Architects’ Choice: 100-91

Architects’ Choice: 100-91
Toby Ingleton

Over the next two weeks we’ll be counting down the Golf Course Architecture Architects’ Choice Top 100 Golf Courses in the World, as voted for by over 240 golf course architects from 28 countries across the globe.

Today we reveal the first ten courses to make the list:

100. Woking
Surrey, England
Tom Dunn, 1893
The first of many classic heathland courses from the south of England to appear in our Top 100, Woking was first laid outby Scottish golf professional Tom Dunn, with Stuart Paton and John Low’s subsequent work making the course what it is today. The club is currently working with golf course architects Thomson Perrett & Lobb and is set to unveil a new sixteenth hole in the coming weeks.

99. The Honors Course
Tennessee, USA
Pete Dye, 1983
Created by American businessman Jack Lupton to honour the game of amateur golf, this private club is known for its compelling blend of a Pete Dye golf course and the natural plants and wildlife painstakingly nurtured by greenkeeper David Stone.

98. Shadow Creek
Nevada, USA
Tom Fazio, 1989
Having transformed a parcel of desert into a pine tree-lined golf course, complete with lakes and streams, Shadow Creek is recognised for its feat of landscape engineering. “What Fazio and Wynn did there expanded everyone’s idea of what man can do,” says Armen Suny of Suny Zokol Golf Design. Neil Haworth of Nelson & Haworth says: “With money,talent and creativity anything can be built!”

97. Peachtree
Georgia, USA
Robert Trent Jones, 1947
“As near like Augusta National as possible,and better, if possible,” Bobby Jones is quoted as saying in the planning of Peachtree. Robert Trent Jones was hired and the Jones’s partnership produced a course that is known for its use of contour, with barely a flat lie to be found.

96. Torrey Pines (South)
California, USA
William Bell, 1957
With expansive views over the Pacific Ocean,this public golf course was redesigned by Rees Jones and Greg Muirhead in 2001 to meet the contrasting requirements of public play and professional tournaments, including the 2008 US Open.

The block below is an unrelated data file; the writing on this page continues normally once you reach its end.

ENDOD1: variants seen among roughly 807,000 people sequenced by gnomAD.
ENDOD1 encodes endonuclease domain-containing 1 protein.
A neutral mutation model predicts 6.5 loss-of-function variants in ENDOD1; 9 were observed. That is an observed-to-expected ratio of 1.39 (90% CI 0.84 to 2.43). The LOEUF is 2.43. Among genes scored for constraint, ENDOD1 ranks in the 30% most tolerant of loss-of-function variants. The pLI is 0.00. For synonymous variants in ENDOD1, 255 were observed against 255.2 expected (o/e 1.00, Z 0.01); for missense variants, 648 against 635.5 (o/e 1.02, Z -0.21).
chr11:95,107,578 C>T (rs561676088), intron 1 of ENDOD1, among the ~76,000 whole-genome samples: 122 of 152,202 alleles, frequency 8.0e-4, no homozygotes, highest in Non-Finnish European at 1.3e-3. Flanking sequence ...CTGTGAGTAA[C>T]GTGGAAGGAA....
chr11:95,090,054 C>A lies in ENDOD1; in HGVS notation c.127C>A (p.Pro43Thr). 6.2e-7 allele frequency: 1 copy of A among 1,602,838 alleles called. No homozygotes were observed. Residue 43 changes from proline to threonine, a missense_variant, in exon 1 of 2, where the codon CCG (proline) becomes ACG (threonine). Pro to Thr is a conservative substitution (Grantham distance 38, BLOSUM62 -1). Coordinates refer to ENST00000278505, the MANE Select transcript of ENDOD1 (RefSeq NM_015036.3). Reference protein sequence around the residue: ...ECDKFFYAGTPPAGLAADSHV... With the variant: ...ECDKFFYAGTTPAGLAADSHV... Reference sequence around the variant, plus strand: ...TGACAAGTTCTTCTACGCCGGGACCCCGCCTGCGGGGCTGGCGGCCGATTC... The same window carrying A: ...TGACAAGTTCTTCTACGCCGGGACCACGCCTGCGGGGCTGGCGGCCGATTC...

95. Olympic Club (Lake)
California, USA
Sam Whiting, 1927
When the original 1924 Lake and Ocean courses designed by Willie Watson were damaged in landslides, superintendent Sam Whiting remodelled and rebuilt both. Robert Trent Jones reworked the Lakecourse, which is characterised by its severely sloping fairways, for the 1955 US Open, the first of five it has hosted, and Bill Love oversaw work in advance of the most recent, in 2012.

94. The Kinloch Club
Waikato, New Zealand
Jack Nicklaus, 2007
One of only six courses built in the last ten years that made our Top 100 list, Kinloch, designed by Jack Nicklaus’s firm,brings a rustic feel to the volcanic hills overlooking Lake Taupo in the North Island of New Zealand.

93. Loch Lomond
Dunbartonshire, Scotland
Tom Weiskopf, Jay Morrish, 1993
Scotland’s first entry into the Top 100 is one of only two inland courses from that country to make the list. This parkland layout visits the lochside on multiple occasions including its fine finishing hole.

92. Fishers Island
New York, United States
Seth Raynor, 1926
Students of golf design will find much toadmire at Fishers Island, with the course featuring Raynor’s take on numerous classic designs, such as Redan, Alps and Biarritz holes.

91. Capilano
British Columbia, Canada
Stanley Thompson, 1937
Routed among fir trees in the hills between the Pacific Ranges and Vancouver Harbour, Capilano is a little-touched insight into the work of Canadian architect Stanley Thompson.

A full report of the Top 100 – including the observations of golf course architects – will be sent to Golf Course Architecture monthly e-mail newsletter subscribers on July 12th. Sign up for free by entering your email address in the e-mail newsletter box on the home page of this website.

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